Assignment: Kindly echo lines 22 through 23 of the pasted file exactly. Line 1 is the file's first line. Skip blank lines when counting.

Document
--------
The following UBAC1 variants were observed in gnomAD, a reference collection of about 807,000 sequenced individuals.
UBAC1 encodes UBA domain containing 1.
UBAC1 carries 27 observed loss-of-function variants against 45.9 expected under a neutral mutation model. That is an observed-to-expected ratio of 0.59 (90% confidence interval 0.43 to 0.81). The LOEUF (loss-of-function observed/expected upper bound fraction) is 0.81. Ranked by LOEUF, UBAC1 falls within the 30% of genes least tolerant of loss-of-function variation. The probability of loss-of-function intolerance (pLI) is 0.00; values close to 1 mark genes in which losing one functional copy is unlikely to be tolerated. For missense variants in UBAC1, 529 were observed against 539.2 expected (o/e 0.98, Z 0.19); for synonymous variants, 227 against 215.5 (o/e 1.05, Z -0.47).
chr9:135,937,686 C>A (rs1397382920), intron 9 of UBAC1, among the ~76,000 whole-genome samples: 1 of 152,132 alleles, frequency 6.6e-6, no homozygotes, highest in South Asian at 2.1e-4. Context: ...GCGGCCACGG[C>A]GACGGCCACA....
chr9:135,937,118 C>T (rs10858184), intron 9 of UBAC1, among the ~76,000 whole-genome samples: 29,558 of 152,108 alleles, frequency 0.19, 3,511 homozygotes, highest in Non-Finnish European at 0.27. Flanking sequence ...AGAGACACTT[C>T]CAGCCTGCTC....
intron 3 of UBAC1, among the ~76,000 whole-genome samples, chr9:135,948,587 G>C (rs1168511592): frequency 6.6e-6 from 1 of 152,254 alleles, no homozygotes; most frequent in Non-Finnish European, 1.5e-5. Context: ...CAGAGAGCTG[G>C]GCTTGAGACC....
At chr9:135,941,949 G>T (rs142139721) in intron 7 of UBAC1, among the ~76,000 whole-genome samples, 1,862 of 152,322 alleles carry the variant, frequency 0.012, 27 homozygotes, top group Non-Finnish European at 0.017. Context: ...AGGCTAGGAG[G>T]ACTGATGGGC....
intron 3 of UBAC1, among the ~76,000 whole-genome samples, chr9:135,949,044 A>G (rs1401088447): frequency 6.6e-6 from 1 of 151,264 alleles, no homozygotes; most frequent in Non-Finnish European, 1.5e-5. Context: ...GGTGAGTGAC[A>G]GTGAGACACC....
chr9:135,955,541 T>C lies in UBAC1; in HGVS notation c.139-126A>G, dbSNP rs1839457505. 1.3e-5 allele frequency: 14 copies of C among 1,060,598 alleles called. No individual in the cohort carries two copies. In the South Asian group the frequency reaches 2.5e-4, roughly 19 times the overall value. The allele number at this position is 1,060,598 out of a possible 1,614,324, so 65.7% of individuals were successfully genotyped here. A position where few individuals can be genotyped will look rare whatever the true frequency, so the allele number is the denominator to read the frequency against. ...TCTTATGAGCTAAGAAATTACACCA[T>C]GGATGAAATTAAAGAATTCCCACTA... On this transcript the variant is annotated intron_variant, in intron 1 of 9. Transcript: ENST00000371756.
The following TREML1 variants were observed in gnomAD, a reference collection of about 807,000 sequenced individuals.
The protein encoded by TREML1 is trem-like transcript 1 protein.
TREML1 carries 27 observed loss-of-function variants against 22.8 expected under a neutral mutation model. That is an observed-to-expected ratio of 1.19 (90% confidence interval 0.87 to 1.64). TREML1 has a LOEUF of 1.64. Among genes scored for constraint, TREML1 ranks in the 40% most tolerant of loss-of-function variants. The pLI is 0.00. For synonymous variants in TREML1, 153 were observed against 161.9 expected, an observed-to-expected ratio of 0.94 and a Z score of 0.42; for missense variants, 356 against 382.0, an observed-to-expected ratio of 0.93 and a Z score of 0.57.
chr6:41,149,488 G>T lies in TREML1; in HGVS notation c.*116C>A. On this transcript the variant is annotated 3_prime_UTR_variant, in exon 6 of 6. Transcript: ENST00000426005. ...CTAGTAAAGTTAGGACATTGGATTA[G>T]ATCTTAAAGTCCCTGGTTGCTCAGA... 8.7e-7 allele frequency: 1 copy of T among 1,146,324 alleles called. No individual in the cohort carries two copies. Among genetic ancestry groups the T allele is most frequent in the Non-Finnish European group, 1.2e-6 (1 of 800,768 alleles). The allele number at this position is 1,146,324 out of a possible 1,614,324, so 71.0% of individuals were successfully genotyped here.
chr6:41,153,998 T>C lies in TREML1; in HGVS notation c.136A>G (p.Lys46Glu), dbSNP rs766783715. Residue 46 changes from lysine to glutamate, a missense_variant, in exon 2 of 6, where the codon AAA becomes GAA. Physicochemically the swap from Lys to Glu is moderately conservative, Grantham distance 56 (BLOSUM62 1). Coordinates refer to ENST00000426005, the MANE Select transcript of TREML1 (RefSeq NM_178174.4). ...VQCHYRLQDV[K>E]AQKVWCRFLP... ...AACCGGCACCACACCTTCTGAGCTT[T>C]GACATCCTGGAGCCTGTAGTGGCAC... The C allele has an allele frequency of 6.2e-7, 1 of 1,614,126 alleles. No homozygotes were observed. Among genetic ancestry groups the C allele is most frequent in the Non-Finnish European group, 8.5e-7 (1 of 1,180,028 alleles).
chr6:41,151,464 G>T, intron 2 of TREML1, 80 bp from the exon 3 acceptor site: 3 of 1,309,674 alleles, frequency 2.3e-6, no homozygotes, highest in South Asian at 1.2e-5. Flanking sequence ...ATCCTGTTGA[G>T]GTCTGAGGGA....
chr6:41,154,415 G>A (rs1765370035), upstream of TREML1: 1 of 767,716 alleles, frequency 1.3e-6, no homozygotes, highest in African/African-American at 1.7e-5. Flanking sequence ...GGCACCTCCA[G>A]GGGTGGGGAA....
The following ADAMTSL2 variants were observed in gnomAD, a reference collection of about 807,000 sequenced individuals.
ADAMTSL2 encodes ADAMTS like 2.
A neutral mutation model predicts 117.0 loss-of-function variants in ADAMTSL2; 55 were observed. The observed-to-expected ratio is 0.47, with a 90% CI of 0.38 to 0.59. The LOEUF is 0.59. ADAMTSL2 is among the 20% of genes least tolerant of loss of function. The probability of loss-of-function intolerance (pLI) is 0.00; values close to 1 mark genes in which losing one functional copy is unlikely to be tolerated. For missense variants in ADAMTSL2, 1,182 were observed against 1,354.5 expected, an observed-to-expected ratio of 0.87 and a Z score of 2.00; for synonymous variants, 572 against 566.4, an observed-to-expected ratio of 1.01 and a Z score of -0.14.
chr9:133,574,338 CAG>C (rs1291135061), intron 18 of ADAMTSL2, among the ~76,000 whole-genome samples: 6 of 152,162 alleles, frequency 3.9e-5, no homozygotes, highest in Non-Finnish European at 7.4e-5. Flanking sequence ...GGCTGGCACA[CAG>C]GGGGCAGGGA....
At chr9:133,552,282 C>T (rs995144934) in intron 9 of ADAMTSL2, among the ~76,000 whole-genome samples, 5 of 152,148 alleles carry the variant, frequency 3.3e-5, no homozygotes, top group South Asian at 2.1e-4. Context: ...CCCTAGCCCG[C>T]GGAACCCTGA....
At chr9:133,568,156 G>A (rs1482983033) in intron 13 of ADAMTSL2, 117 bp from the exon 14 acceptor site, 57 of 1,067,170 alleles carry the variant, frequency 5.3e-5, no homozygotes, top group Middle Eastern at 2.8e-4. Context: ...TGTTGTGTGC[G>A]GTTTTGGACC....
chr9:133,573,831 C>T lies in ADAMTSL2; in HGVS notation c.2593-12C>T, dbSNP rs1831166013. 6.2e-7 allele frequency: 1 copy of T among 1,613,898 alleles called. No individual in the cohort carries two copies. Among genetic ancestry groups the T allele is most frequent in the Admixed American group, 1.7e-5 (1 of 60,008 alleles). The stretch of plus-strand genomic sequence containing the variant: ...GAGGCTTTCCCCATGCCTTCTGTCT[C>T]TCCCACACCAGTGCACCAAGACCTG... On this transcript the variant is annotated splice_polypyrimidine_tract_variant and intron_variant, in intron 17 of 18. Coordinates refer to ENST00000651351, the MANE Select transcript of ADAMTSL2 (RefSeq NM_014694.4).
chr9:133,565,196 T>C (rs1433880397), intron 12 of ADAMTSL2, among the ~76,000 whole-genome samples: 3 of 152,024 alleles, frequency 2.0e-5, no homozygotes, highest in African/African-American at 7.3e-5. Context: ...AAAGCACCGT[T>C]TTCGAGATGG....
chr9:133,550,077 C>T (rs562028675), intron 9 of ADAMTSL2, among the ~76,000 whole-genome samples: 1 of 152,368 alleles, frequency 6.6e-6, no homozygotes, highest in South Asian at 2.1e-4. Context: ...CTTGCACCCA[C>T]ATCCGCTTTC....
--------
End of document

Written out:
At chr9:133,568,156 G>A (rs1482983033) in intron 13 of ADAMTSL2, 117 bp from the exon 14 acceptor site, 57 of 1,067,170 alleles carry the variant, frequency 5.3e-5, no homozygotes, top group Middle Eastern at 2.8e-4. Context: ...TGTTGTGTGC[G>A]GTTTTGGACC....
chr9:133,573,831 C>T lies in ADAMTSL2; in HGVS notation c.2593-12C>T, dbSNP rs1831166013. 6.2e-7 allele frequency: 1 copy of T among 1,613,898 alleles called. No individual in the cohort carries two copies. Among genetic ancestry groups the T allele is most frequent in the Admixed American group, 1.7e-5 (1 of 60,008 alleles). The stretch of plus-strand genomic sequence containing the variant: ...GAGGCTTTCCCCATGCCTTCTGTCT[C>T]TCCCACACCAGTGCACCAAGACCTG... On this transcript the variant is annotated splice_polypyrimidine_tract_variant and intron_variant, in intron 17 of 18. Coordinates refer to ENST00000651351, the MANE Select transcript of ADAMTSL2 (RefSeq NM_014694.4).